52% of people polled think God is A-OK

July 28, 2011

It’s a slim majority but apparently it’s the number of people polled who think that if God exists, he’s doing a fine job running the universe.

“When asked to evaluate God on some of the issues it is responsible for, voters give God its best rating on creating the universe, 71-5,” the polling report said. “They also approve of its handling of the animal kingdom 56-11, and even its handling of natural disasters 50-13.”

The comments below the CNN story run the gamut. One I spotted chides CNN for making this news in the first place (a point on which I agree). Others go for semantics (which god?). More go for the “You have to be Christian to understand why only we have the Truth (TM).” Some go as far as stating that humans shouldn’t dare to judge God and treat Him like someone people could potentially vote off the island.

More people ought to try, though.

I watched Jesus Camp the other night. You can, too, if you dare. It was stomach churning to watch those kids speaking in tongues, or prone on the floor bawling their eyes out after every adult in the room deplores their secretly sinful lives, and praying at a cardboard cut-out of George W. Bush. The creepiest part was when the leader played the abortion card and made all those kids mourn the friends they’d never make because their mothers killed them first.

I think that camp met nearly every characteristic of a cult and sadder still, none of the parents who sent their kids there would ever believe any of them were in need of deprogramming later.


51% is not most; barely half of those surveyed believed in a god

April 27, 2011

18% are reported to have no beliefs of that nature and the rest (17%) remain undecided, according to a recent survey done in Britain that spanned 23 countries and polled over 18,000 people. Similar results occurred with questions about an afterlife. From the Christian Post:

According to the survey, “definitive belief in a God or Supreme Being” is highest in Indonesia (93 percent) and Turkey (91 percent), followed by Brazil (84 percent), South Africa (83 percent) and Mexico (78 percent). Those most likely to believe in “many Gods or Supreme Beings” live in India (24 percent), China (14 percent) and Russia (10 percent).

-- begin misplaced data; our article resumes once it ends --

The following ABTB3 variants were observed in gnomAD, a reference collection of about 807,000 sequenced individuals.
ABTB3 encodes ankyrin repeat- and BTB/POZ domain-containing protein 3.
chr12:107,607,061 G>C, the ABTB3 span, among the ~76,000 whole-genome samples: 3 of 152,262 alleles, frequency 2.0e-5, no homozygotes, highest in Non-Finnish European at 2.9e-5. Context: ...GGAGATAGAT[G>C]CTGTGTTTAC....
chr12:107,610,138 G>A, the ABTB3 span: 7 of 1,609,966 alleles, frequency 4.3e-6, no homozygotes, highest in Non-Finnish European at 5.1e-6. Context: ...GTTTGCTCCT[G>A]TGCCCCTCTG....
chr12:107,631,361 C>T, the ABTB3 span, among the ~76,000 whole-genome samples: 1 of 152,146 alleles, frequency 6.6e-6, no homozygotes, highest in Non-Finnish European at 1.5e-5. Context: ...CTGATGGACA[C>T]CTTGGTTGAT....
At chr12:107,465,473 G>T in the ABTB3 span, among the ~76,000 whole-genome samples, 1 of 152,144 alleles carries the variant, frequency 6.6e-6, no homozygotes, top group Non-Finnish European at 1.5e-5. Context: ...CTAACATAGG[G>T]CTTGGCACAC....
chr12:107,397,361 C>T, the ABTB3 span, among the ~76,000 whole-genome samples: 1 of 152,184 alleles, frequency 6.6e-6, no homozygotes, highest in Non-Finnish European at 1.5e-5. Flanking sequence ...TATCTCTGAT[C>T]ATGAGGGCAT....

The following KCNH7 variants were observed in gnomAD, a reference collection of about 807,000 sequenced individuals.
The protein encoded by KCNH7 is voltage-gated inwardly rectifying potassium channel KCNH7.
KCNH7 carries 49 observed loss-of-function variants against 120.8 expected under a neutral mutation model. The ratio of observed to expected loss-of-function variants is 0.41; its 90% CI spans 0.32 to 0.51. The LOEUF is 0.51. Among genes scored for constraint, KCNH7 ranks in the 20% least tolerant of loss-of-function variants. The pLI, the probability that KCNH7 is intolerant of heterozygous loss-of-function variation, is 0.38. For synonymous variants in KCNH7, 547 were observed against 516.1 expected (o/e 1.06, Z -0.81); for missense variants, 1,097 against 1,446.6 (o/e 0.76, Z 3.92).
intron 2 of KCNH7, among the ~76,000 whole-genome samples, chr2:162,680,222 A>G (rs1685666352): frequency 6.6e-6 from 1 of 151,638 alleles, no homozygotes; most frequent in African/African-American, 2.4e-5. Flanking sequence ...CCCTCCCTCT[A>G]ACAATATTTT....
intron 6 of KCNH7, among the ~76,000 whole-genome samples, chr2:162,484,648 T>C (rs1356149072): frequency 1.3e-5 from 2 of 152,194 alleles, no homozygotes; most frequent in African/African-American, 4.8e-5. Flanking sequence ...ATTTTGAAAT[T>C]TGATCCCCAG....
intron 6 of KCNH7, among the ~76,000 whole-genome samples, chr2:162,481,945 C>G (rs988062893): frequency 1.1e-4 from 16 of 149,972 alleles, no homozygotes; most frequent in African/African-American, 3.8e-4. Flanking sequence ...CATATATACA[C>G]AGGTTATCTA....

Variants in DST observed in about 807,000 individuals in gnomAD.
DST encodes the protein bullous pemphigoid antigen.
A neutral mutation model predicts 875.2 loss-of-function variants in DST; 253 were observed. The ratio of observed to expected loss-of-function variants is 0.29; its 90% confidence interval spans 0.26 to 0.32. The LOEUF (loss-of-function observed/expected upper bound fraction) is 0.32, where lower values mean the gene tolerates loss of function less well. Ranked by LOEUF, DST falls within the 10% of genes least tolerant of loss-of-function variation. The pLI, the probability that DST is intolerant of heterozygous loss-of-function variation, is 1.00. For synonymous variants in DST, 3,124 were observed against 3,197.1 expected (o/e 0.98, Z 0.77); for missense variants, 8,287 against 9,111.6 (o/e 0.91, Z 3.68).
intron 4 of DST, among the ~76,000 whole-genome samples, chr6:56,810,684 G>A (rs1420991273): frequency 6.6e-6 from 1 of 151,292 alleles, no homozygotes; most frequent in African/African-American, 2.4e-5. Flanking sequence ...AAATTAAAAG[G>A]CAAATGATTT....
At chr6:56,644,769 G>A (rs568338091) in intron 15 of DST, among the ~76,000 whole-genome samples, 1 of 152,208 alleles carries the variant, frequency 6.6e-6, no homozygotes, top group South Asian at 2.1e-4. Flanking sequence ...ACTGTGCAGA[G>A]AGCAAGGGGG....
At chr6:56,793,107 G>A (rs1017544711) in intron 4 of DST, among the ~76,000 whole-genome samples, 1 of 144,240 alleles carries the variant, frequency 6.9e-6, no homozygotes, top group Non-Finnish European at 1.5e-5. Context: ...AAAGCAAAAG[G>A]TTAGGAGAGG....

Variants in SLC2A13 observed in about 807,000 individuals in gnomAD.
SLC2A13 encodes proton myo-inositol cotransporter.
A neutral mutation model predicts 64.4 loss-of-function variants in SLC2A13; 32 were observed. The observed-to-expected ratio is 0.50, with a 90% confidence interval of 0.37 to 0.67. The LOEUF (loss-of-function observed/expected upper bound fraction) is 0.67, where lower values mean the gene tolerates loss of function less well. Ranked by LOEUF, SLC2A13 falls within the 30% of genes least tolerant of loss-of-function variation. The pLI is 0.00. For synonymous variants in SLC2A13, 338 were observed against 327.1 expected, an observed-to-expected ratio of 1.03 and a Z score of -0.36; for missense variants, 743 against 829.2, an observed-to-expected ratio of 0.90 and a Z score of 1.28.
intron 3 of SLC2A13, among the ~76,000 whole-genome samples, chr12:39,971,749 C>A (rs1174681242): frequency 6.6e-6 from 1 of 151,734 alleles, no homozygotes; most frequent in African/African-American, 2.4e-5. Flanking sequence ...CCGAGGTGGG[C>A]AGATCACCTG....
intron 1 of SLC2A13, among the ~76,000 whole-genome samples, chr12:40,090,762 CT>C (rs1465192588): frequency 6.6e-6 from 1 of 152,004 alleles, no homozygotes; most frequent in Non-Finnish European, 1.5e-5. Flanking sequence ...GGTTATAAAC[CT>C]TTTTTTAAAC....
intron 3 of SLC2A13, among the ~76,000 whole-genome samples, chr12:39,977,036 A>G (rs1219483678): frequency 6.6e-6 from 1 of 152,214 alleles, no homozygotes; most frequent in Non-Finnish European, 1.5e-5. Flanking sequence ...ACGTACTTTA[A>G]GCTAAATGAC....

People who don’t believe in God or a Supreme Being(s) are most likely to live in France (39 percent), Sweden (37 percent), Belgium (36 percent), Great Britain (34 percent), Japan (33 percent) and Germany (31 percent).

They add a few more stats, like 13% of Hungarians think reincarnation is likely and Swedes were more likely than anyone to admit ignorance when guessing about the afterlife. Of those surveyed, South Korea and Spain had the highest ratings for belief that people “simply cease to exist.”

They also noted some stats for creationism and evolution:

41 percent believe in human evolution, 28 percent believe in creationism and 31 are uncertain of what to believe in.

Creationism, or the belief that human beings were in fact created by a spiritual force such as the God, is strongest in Saudi Arabia (75 percent), Turkey (60 percent), Indonesia (57 percent), and South Africa (56 percent).

It certainly makes a difference where a person is raised, educated, and living when it comes to this stuff. Sweden, China, Belgium, Germany and Japan topped the list for countries with more acceptance of evolution, with more than 60% of those surveyed. Sadly, neither the Post or MSNBC note how Canadians rated. I only found one mention in Mother Nature Network:

Mexicans were the most likely to accept the idea of an afterlife, but not heaven or hell, followed by Russians, Brazilians, Indians, Canadians and Argentines.

Found a poll for fans of Pham’s Jesus

April 7, 2011

The question reads, “Should St. Paul force Tuan Pham to take down the statue that rises 17 feet and violates zoning rules?” with two choices:

Yes. It doesn’t matter whether it’s yard junk or a religious icon, it has to conform to zoning laws.

No. Neighors aren’t complaining and it should be protected under the First Amendment.

“Yes” is the sensible answer, obviously. “No” is the one for people who want to claim Pham’s free speech (read: religion) was on trial at the same time.

The City Council decided to make him move it or lose it.

During the discussion, some council members noted that more than 40 neighbors had signed a petition in support of the statue.

Members called Pham a popular, likable fellow whose name appears on a plaque outside council chambers. He made the “St. Paul Neighborhood Honor Roll” for his good works in the community.

“This isn’t a popularity contest,” said council president Kathy Lantry, noting that she, the council and Pham were all bound by law. “It doesn’t matter who signed a petition or not.”

Council member Dave Thune recommended that Pham’s appeal be denied, and the council voted 5-2 in favor of Thune’s motion, with Dan Bostrom and Pat Harris opposed.